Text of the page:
Google's shock purchase of Motorola Mobility has shaken up the mobile phone marketplace. But, like Microsoft's deal with Nokia a few months earlier, it's not clear what all parties are getting out of it.
Here's a short list of what Google will get with its acquisition, good and bad, alongside a small city of engineers and the name that invented the mobile phone in the first place.
First and most obviously, Google gets a tier-one handset business. Motorola has had a dynamic relationship with the mobile phone market — it started it, it ruled the roost in analogue, lost the plot in digital, had a revival in Razr that nearly killed it, and most recently has started rebuilding its credibility with Android-based devices like the Droid/Milestone. Why does Google want a handset business — especially one that's got a loyalty card for the Last Chance Saloon? It probably doesn't: see later for why Google really tied the knot. But it's got one, which will lead inevitably to:
Business culture shock
Google is like no other company on earth. However, Motorola is like other companies: it is split into multiple rival divisions around the world who fight turf wars over diminishing resources. That's behind its bad reputation for user interface design, incoherent operating system strategy, and "why did they make THAT?" products. (See also: Nokia, Sony Ericsson.) Sorting that lot out was beyond Motorola – it tried – and, short of a palace coup followed by genocidal bloodletting, it's probably not fixable.
Google has done the palace coup in Visigoth style. Whether it has the stomach for stage two — or the brilliance to achieve it without imperial shock troops laying waste to the lives of thousands of Moto employees — we'll see.
You know that Android is an open mobile phone operating system available to all. You'll also know that while Google has dallied with own-brand mobile phones, they've been made by a variety of companies and served more as proof of concept than a serious attempt to win market share. That's one reason why other mobile phone companies have been keen to adopt Android: it gives them a lot of impact without aiding their enemies.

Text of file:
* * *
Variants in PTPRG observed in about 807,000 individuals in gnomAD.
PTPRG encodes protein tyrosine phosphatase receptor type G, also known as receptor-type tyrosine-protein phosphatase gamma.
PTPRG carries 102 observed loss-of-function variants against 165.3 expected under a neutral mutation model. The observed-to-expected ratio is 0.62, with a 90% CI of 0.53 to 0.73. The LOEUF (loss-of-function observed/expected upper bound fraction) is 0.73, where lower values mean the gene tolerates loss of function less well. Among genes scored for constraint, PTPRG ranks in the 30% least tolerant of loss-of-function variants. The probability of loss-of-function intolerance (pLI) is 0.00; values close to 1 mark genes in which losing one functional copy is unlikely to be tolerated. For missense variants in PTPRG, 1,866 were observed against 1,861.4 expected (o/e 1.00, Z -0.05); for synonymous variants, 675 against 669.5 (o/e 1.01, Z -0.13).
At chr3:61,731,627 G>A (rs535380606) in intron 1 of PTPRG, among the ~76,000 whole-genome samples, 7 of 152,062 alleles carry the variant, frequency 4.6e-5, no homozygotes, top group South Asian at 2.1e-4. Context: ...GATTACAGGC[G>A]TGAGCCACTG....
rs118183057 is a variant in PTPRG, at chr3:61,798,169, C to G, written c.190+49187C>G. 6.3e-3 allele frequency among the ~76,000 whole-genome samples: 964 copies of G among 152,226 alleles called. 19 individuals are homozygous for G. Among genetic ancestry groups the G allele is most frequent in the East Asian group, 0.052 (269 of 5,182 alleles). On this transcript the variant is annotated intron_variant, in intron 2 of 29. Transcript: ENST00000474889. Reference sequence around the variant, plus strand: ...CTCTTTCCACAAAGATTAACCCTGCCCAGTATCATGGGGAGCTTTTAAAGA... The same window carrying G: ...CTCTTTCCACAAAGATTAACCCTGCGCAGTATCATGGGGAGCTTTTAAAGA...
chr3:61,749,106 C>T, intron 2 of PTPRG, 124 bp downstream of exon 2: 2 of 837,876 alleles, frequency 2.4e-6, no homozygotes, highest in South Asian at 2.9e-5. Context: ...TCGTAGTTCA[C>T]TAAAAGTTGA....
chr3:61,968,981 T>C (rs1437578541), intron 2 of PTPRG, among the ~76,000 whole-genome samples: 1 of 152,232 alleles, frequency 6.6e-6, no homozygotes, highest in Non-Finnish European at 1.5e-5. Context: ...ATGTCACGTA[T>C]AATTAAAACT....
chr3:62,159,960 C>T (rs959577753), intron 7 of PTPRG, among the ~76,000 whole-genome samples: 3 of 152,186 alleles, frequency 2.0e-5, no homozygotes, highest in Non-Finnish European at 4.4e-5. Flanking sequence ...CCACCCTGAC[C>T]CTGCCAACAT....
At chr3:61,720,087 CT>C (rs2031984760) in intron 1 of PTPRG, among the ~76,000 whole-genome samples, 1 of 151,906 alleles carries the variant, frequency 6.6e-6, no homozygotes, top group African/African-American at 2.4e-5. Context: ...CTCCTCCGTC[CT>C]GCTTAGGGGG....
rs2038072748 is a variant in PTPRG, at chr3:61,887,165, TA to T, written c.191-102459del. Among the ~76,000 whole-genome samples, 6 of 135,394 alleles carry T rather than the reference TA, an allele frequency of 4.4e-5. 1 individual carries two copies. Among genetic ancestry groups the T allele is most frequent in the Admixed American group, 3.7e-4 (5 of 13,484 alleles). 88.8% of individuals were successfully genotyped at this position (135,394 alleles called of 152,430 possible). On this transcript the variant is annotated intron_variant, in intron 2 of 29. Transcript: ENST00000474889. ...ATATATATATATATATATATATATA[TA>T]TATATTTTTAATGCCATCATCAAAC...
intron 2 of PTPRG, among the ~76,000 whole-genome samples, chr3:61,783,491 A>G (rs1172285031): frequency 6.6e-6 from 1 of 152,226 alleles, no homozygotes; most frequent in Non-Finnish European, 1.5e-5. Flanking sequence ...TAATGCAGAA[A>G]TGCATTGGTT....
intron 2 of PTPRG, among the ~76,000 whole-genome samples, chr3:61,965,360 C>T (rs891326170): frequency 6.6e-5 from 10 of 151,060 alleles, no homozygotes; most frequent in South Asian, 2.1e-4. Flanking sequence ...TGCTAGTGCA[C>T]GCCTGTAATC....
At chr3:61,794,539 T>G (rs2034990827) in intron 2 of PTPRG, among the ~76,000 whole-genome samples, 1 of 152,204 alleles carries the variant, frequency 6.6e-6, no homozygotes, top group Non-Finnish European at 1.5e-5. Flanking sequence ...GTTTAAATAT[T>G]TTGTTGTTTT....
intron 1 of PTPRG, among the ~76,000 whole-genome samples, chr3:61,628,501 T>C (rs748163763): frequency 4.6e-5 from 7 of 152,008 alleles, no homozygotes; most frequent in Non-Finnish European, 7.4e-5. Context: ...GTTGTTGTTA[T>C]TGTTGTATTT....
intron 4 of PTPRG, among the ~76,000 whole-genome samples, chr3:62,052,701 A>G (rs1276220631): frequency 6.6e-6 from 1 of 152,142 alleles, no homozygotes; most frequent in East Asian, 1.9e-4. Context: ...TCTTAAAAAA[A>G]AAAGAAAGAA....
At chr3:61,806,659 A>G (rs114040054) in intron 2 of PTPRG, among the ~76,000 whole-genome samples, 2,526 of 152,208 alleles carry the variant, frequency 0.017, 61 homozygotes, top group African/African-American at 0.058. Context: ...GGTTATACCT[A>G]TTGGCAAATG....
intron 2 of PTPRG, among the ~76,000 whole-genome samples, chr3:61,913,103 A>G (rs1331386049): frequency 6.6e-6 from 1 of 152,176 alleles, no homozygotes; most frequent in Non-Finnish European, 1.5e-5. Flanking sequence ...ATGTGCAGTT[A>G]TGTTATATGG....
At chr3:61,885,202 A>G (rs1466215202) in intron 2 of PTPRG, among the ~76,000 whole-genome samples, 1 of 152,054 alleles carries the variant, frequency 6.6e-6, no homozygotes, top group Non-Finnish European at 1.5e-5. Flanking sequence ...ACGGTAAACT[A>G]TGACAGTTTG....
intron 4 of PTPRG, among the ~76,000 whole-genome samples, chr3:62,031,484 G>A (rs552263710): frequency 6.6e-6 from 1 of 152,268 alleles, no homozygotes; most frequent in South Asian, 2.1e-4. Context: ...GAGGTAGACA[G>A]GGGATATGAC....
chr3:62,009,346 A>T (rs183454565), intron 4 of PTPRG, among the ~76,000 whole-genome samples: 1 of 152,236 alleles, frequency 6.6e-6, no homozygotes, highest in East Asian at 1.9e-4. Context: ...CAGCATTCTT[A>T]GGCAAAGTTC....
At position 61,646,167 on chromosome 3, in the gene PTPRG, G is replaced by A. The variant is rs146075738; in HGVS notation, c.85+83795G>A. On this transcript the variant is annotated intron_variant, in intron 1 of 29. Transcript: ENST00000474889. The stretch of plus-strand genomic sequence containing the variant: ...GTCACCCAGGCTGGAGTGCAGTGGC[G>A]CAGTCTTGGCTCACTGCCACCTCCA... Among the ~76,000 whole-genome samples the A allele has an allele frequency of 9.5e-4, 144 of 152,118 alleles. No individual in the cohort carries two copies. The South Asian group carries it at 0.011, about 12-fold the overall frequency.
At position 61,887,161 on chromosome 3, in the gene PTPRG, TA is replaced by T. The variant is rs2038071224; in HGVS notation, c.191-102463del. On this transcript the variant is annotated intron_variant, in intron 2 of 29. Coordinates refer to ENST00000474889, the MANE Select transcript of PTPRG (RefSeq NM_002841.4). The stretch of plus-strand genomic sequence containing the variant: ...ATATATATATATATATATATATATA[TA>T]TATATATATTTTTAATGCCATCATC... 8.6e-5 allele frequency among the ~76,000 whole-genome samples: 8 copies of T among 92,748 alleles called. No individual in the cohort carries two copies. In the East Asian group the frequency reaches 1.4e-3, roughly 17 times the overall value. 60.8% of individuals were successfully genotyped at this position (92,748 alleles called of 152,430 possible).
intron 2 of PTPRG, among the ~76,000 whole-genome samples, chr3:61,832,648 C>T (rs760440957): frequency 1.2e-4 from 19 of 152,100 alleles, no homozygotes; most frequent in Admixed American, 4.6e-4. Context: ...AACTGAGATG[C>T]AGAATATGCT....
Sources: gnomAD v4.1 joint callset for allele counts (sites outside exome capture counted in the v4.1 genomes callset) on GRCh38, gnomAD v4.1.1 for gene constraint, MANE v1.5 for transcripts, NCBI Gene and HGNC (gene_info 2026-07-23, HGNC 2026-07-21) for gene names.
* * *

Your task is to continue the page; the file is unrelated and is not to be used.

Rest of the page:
Motorola changes that – but not as much as some may think. While it's true that other phone companies may suspect that Moto's getting the best of Android, it's neither necessary nor in Google's interests to push that too hard. Google will get some advantages by being able to influence the inclusion of hardware that fits Android's battle plan, but there'll be nothing to stop other manufacturers from following suit if those moves are successful. And, to be honest, there's nowhere else to go: Microsoft-Nokia is far less tempting and Apple won't play. If it's good for Android, it's good for lots of people — which is why HTC, LG and Sony Ericsson are publicly backing the deal.
And here's the reason. For its $12.5bn (£7.6bn), Google is getting around 17,000 highly appropriate patents. That's a bit more per patent than the amount it was going to pay for the 7,000-strong Nortel patent bundle, but they'll be worth far more.
Motorola, as noted, has been doing this game forever. It's one of the big guys who has developed mobile phones from scratch, and thus owns a huge chunk of mobile phone intellectual property — and not the balderdash, trollish sort either. Motorola is in all the patent pools that matter, in a way that — to pick a name out of the hat — Apple is not.
A big stick
And that's what Google's bought: an entire nuclear arsenal to defend Android. As with any nuclear option, it comes with a lot of headaches, expense and potential to backfire. It redraws the landscape. Expect a short silence while those most aggressively attacking Android reconsider their options. What happens next is either detente or missiles in Cuba.
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